Thursday, March 26, 2020

the latest: refugee bike #72

The latest finished bike in the Refugee Bikes collection began with a beat-up frame (no fork).
The top tube had a dent in it, the paint was chipped in many places and there was no clear place for cable routing for the front derailleur. Still, I had a fork that could fit with some help, and a pile of parts. So I went to work.

Everything went together reasonably well. I did have to clean up some threads in the (rear) derailleur hanger and the bottom bracket. When I go to the head tube, I knew I'd have to either find a 1 1/8" fork, or I'd have to adapt the head tube so that it could receive a 1" headset. Not having a fork with a 1 1/8" steer tube of the right length, or cutting tools to re-thread a shortened head tube, I opted for the cheaper route of ordering the adapter kit by mail.
When it arrived, I had no difficulty installing it, and then following it by pressing in 1" headset cups.

Once that was done, parts were added to make a working bicycle. I had to rob some from another donor bike (since I couldn't go to a bike shop and the donor bike may not be worth refurbishing at this point anyway). Then I had to tweak and make all sorts of adjustments so everything worked.

Best of all was that this bike, with no cable routing for either kind of front derailleur, allowed me to make a choice and then to make a fix so my choice would work.

I'm not a huge fan of top-pull front derailleurs. They require more exposed cable and make it annoying to put the bike in a stand for repairs later (you have to either clamp it at the seatpost, and/or be tall enough to use a really tall repair stand attachment like the ones from Efficient Velo Tools, neither of which is a good option for me). But, when given a chance to offload a functioning top-pull derailleur from my pile, I tend to want to send that out into the world on a bike that's not likely to see the inside of a bike shop right away. So I grabbed a top-pull from the pile, installed it, and set about making a cable stop to work for it. (Oddly, though this bike had cable stops on the top tube indicating a top-pull derailleur, there was no cable stop on the seat tube to correspond with that.)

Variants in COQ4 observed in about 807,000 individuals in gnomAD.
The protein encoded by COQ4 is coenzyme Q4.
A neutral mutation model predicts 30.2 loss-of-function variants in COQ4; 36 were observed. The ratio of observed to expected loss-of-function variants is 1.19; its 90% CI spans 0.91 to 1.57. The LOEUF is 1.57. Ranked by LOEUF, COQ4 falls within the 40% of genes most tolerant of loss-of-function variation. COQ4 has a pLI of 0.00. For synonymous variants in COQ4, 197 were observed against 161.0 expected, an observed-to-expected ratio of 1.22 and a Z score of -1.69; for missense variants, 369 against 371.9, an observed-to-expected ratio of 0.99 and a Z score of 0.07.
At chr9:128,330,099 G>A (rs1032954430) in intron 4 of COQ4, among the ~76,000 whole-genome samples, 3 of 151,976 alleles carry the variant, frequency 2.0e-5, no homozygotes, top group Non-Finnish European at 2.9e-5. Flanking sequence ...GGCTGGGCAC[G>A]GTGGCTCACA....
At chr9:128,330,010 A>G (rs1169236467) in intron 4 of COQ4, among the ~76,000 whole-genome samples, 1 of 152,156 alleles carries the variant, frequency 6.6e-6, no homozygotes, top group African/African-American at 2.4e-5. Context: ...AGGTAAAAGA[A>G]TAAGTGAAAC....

I saw that the rear rack eyelet would get the cable close enough in alignment with the derailleur to make a cable stop there work. So I found an old seatclamp-mounted one, turned it around to improve the alignment, and installed it on one of the rack eyelets, like so: